Adjusting for Pubertal Status Reduces Overweight and Obesity Prevalence in the United States

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Abstract

Objective: To compare pediatric overweight and obesity prevalence among non-Hispanic white, Mexican American, and non-Hispanic black US youths before and after adjusting body mass index (BMI) for pubertal status, as assessed by Tanner stage. Study design: We analyzed cross-sectional anthropometric and pubertal data from non-Hispanic white, Mexican American, and non-Hispanic black youths in the National Health and Nutrition Examination Survey (NHANES) III. We developed specialized Tanner stage and chronological age-adjusted models to establish Tanner-stage adjusted BMI z-scores, which were then used to determine adjusted overweight/obesity prevalence. We compared pediatric overweight/obesity prevalence before and after pubertal status adjustment. Results: Among 3206 youths aged 8-18 years (50% male; 26% non-Hispanic white, 35% Mexican American, 39% non-Hispanic black), adjusting BMI for Tanner stage significantly reduced overweight (males, from 29% to 21%; females, from 29% to 17%) and obesity (males, from 14% to 7%; females, from 11% to 5%) prevalence across all races/ethnicities. The obesity prevalence reduction was more pronounced in Mexican Americans (males, 11% reduction; females, 9% reduction) and non-Hispanic blacks (males and females, 10% reduction) compared with non-Hispanic whites (males, 6% reduction; females, 5% reduction). Similar patterns were seen in overweight prevalence. Conclusions: Adjusting for pubertal status reduced the prevalence of overweight/obesity in non-Hispanic white, Mexican American, and non-Hispanic black youth. This suggests that adjusting for puberty incorporates changes otherwise not captured when only considering the age of a child. Adjusting BMI for pubertal status may be important when interpreting a youth's weight status and consideration for obesity management, as well as when interpreting pediatric overweight/obesity prevalence data.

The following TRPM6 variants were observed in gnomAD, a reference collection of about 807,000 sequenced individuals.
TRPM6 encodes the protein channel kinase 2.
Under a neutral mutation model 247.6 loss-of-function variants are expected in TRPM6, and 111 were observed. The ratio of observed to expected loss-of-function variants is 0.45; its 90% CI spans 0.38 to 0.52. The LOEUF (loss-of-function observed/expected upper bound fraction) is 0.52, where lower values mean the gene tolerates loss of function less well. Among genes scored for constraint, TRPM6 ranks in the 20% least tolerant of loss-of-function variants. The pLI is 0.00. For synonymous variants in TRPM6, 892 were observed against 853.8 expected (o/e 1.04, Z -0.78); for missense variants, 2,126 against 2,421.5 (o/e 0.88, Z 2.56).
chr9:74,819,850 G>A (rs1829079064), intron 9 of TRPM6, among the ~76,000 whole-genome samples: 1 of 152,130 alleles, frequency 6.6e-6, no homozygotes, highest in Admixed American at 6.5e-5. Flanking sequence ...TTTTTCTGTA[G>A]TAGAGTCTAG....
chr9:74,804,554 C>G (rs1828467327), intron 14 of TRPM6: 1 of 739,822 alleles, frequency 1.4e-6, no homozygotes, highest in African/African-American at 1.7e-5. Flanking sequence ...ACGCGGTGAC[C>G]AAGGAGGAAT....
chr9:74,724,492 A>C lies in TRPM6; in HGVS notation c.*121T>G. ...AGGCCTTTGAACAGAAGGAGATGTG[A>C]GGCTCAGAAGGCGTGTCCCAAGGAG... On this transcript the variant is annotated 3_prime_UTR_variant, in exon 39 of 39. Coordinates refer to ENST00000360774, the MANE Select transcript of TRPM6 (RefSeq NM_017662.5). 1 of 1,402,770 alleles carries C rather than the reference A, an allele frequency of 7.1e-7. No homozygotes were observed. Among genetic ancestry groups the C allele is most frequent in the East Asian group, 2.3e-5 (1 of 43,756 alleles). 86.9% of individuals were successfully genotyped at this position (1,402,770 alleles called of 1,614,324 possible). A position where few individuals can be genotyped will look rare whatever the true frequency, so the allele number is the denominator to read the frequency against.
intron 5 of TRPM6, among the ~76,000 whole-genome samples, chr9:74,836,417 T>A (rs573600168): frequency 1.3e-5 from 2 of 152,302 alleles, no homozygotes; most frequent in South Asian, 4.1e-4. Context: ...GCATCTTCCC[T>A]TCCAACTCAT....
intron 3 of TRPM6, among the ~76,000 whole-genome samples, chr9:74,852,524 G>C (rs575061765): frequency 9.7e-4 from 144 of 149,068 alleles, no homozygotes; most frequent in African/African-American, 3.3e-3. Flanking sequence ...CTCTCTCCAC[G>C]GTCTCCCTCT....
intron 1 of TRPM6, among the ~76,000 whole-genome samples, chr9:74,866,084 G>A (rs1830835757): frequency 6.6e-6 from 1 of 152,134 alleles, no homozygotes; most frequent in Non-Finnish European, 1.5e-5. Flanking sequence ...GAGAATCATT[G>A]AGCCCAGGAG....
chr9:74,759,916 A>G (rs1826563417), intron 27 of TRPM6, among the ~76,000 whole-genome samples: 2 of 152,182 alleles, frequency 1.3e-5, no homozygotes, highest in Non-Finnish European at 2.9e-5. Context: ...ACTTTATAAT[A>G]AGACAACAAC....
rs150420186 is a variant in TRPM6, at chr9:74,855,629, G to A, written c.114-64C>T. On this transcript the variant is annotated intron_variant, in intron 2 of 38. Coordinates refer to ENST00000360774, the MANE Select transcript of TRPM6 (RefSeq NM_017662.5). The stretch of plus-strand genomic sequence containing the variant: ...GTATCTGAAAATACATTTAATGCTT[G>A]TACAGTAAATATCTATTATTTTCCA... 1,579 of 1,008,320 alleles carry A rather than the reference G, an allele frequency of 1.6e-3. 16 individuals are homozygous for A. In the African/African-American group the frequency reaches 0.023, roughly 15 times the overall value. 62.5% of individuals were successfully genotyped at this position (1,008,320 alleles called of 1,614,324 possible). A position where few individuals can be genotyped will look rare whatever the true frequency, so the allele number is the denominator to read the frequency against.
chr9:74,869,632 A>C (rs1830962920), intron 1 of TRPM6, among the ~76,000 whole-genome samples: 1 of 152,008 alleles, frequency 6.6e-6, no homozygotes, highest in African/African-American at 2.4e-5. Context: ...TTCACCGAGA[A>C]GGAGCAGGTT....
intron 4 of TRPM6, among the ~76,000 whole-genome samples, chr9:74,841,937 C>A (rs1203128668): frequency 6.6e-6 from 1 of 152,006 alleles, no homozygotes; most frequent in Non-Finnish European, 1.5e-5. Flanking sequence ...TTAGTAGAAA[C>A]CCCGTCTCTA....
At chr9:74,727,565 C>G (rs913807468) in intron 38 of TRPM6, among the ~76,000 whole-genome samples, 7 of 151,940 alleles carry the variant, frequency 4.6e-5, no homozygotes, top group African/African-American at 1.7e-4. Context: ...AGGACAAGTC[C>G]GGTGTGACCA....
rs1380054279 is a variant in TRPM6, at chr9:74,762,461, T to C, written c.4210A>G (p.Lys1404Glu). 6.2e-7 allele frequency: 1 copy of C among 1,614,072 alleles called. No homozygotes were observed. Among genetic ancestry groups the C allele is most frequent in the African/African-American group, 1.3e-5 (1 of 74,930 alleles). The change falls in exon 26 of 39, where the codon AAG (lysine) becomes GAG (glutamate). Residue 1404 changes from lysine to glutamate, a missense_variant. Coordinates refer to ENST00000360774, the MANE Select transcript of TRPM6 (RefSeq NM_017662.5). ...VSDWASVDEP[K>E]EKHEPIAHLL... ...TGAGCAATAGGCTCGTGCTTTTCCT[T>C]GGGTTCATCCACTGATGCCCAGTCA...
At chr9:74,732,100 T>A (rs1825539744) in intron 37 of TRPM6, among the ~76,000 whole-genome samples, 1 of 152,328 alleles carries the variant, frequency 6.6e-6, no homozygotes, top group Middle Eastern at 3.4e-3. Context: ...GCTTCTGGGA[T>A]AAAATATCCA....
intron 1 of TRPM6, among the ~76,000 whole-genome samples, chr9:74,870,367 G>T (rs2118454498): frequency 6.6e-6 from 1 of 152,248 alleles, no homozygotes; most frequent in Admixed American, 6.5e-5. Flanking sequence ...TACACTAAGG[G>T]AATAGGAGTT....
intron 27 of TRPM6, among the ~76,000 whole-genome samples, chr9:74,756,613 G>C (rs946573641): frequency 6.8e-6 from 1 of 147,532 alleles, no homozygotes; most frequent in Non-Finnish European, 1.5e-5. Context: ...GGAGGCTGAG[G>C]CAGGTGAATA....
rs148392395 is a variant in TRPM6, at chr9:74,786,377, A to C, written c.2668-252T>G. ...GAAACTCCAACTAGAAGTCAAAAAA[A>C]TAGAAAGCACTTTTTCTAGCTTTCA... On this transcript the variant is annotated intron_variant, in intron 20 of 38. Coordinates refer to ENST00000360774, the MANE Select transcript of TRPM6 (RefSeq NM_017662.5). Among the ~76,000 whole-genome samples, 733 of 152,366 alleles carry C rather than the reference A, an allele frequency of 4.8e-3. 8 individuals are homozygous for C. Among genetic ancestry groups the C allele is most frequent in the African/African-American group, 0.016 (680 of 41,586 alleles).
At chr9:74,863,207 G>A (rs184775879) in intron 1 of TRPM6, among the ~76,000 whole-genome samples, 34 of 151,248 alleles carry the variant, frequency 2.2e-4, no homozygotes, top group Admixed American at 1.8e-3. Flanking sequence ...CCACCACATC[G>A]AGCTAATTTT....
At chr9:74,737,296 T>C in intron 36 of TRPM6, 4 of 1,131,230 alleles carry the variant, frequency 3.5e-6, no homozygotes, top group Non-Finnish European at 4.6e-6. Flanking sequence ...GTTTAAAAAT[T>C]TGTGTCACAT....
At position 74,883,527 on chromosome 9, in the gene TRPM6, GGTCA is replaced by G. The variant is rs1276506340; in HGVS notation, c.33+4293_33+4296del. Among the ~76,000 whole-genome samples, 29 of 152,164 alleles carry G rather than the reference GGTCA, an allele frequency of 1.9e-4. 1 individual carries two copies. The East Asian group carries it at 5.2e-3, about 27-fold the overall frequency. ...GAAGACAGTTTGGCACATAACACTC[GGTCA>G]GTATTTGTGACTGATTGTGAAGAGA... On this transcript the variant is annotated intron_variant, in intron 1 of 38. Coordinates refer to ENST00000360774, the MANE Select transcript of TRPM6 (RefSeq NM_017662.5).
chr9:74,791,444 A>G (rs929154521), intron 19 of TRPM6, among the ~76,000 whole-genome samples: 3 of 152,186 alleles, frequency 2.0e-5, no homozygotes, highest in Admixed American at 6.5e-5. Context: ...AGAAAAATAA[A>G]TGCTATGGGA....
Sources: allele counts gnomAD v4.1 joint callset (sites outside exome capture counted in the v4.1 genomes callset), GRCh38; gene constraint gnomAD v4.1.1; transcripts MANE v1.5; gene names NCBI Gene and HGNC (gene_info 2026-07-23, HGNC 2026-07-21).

Original languageEnglish (US)
Pages (from-to)200-206.e1
JournalJournal of Pediatrics
Volume231
DOIs
StatePublished - Apr 2021

Bibliographical note

Funding Information:
E.B. is a site principal investigator for Novo Nordisk. Research reported in this publication was supported by the National Institute of Diabetes And Digestive And Kidney Diseases of the National Institutes of Health under Award Number K23DK125668. The content is solely the responsibility of the authors and does not necessarily represent the official views of the National Institutes of Health. B.M. is a consultant for Abbvie, Ascendis, BioMarin, Bluebird Bio, Endo Pharmaceuticals, Novo Nordisk, Pfizer, Sandoz, Sanofi Genzyme, Tolmar, and Vertice and has received research support from Alexion , Abbvie , Amgen , Ascendis , BioMarin , Novo Nordisk , OPKO , Protalix , Sandoz , Sangamo , Sanofi Genzyme , and Takeda . K.S. receives research support from the Food and Drug Administration , National Cancer Institute , National Science Foundation , Spruce Biosciences , Alexion , and Neurocrine . O.A. declares no conflicts of interest.

Funding Information:
E.B. is a site principal investigator for Novo Nordisk. Research reported in this publication was supported by the National Institute of Diabetes And Digestive And Kidney Diseases of the National Institutes of Health under Award Number K23DK125668. The content is solely the responsibility of the authors and does not necessarily represent the official views of the National Institutes of Health. B.M. is a consultant for Abbvie, Ascendis, BioMarin, Bluebird Bio, Endo Pharmaceuticals, Novo Nordisk, Pfizer, Sandoz, Sanofi Genzyme, Tolmar, and Vertice and has received research support from Alexion, Abbvie, Amgen, Ascendis, BioMarin, Novo Nordisk, OPKO, Protalix, Sandoz, Sangamo, Sanofi Genzyme, and Takeda. K.S. receives research support from the Food and Drug Administration, National Cancer Institute, National Science Foundation, Spruce Biosciences, Alexion, and Neurocrine. O.A. declares no conflicts of interest.

Publisher Copyright:
© 2020 Elsevier Inc.

Keywords

  • body mass index
  • epidemiologic methods
  • ethnic groups
  • growth charts
  • health care surveys
  • pediatric obesity
  • puberty

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